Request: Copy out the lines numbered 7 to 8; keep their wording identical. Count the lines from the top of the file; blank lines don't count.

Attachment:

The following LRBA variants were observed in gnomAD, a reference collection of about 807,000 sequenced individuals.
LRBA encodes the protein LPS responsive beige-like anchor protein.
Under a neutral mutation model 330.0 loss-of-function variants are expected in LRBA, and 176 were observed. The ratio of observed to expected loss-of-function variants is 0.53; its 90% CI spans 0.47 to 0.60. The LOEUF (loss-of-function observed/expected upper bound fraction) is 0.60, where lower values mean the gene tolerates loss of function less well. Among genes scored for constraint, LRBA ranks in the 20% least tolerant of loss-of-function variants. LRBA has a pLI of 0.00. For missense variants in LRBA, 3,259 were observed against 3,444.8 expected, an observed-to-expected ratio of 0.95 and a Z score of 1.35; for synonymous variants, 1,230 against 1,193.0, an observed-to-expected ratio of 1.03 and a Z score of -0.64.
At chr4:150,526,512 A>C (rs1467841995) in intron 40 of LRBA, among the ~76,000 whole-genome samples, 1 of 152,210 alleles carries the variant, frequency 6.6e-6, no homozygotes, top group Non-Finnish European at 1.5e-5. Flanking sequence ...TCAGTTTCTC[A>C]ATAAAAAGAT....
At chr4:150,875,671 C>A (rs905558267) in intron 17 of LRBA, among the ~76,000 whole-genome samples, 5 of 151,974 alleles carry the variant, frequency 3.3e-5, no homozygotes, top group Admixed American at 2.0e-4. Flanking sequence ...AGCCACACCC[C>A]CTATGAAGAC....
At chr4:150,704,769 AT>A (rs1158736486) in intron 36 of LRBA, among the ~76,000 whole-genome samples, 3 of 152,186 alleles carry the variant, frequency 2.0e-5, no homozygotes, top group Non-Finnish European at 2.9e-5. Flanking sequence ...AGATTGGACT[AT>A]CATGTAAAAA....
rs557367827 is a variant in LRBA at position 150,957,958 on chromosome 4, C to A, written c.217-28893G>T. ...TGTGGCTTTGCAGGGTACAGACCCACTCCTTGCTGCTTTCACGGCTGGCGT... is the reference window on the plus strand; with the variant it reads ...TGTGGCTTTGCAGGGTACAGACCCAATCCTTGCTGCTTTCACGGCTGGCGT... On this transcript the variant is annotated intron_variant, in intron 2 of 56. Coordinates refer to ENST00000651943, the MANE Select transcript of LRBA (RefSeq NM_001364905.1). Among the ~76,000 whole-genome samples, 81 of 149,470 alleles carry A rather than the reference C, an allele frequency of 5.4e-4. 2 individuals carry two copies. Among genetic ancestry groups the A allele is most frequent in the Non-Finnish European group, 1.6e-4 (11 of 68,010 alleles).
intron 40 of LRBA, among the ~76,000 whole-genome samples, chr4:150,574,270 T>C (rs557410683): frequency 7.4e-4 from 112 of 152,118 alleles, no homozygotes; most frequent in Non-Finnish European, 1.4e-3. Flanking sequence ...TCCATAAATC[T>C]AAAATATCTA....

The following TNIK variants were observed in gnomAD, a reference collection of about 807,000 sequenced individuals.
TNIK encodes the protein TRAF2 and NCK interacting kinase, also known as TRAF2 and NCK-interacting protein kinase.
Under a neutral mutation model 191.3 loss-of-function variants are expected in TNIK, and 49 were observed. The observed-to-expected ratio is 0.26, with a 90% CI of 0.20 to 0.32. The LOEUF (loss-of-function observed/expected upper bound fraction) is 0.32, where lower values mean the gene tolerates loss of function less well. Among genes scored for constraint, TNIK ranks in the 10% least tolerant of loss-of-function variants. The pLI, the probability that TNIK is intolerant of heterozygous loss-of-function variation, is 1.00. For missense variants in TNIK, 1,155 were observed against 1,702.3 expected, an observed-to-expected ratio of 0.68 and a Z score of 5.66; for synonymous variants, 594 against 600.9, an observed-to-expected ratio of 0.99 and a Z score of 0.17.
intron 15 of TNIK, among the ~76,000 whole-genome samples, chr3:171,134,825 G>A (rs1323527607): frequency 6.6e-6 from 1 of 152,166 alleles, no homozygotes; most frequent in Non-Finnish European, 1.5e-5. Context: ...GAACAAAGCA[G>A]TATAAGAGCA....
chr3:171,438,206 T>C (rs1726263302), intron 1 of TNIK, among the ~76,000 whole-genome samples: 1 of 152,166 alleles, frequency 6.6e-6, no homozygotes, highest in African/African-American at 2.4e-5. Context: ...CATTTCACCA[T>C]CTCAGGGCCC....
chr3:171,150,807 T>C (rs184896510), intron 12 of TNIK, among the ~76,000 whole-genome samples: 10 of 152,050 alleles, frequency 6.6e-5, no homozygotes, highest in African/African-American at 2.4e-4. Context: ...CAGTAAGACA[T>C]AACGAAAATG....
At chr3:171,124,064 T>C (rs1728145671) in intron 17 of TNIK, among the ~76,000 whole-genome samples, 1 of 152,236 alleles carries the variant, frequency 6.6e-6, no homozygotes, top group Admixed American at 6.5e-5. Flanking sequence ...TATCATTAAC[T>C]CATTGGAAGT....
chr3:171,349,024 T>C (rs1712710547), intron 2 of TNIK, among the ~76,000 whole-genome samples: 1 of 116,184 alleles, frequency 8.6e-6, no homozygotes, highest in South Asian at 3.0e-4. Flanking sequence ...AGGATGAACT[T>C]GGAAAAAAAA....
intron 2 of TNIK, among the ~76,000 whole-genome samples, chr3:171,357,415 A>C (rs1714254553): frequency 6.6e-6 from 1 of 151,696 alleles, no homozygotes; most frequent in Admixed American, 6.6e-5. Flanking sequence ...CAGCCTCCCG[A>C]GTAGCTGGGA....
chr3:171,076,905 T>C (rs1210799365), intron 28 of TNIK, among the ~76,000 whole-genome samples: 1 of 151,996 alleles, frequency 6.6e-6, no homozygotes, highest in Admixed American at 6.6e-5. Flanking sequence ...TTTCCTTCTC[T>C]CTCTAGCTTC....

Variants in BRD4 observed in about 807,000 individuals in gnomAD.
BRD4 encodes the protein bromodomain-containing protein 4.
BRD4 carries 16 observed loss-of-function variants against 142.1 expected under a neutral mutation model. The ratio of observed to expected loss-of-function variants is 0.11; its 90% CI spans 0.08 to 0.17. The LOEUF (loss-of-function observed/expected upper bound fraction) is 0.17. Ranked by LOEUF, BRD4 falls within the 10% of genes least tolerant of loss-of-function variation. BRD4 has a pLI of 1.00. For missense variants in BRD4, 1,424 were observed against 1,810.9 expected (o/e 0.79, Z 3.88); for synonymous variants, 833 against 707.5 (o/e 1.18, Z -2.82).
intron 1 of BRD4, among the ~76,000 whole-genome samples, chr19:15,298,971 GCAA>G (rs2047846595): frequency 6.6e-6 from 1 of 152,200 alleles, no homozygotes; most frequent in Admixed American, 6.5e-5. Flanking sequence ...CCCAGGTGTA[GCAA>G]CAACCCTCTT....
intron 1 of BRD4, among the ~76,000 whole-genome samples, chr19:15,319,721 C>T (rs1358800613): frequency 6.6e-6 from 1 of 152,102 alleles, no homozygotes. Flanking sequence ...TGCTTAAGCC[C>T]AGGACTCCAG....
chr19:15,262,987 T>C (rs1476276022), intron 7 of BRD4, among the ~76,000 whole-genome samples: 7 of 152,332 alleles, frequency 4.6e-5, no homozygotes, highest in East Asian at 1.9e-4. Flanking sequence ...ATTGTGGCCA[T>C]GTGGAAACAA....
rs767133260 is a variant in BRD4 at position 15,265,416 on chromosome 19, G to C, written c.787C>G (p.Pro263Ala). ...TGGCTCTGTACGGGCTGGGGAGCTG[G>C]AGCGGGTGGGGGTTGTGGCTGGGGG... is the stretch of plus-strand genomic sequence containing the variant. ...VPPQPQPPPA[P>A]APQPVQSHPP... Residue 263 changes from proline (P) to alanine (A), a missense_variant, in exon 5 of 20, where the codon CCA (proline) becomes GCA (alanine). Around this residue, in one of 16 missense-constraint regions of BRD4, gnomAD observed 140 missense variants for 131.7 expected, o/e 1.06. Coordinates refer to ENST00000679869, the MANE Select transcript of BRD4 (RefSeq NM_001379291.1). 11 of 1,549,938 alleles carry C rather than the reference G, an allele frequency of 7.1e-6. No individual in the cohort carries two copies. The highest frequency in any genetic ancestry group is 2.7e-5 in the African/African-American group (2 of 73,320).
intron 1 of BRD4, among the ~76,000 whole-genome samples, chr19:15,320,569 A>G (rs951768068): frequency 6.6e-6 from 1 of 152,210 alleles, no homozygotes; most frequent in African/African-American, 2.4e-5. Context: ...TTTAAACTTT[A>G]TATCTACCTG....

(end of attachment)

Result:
rs557367827 is a variant in LRBA at position 150,957,958 on chromosome 4, C to A, written c.217-28893G>T. ...TGTGGCTTTGCAGGGTACAGACCCACTCCTTGCTGCTTTCACGGCTGGCGT... is the reference window on the plus strand; with the variant it reads ...TGTGGCTTTGCAGGGTACAGACCCAATCCTTGCTGCTTTCACGGCTGGCGT... On this transcript the variant is annotated intron_variant, in intron 2 of 56. Coordinates refer to ENST00000651943, the MANE Select transcript of LRBA (RefSeq NM_001364905.1). Among the ~76,000 whole-genome samples, 81 of 149,470 alleles carry A rather than the reference C, an allele frequency of 5.4e-4. 2 individuals carry two copies. Among genetic ancestry groups the A allele is most frequent in the Non-Finnish European group, 1.6e-4 (11 of 68,010 alleles).
intron 40 of LRBA, among the ~76,000 whole-genome samples, chr4:150,574,270 T>C (rs557410683): frequency 7.4e-4 from 112 of 152,118 alleles, no homozygotes; most frequent in Non-Finnish European, 1.4e-3. Flanking sequence ...TCCATAAATC[T>C]AAAATATCTA....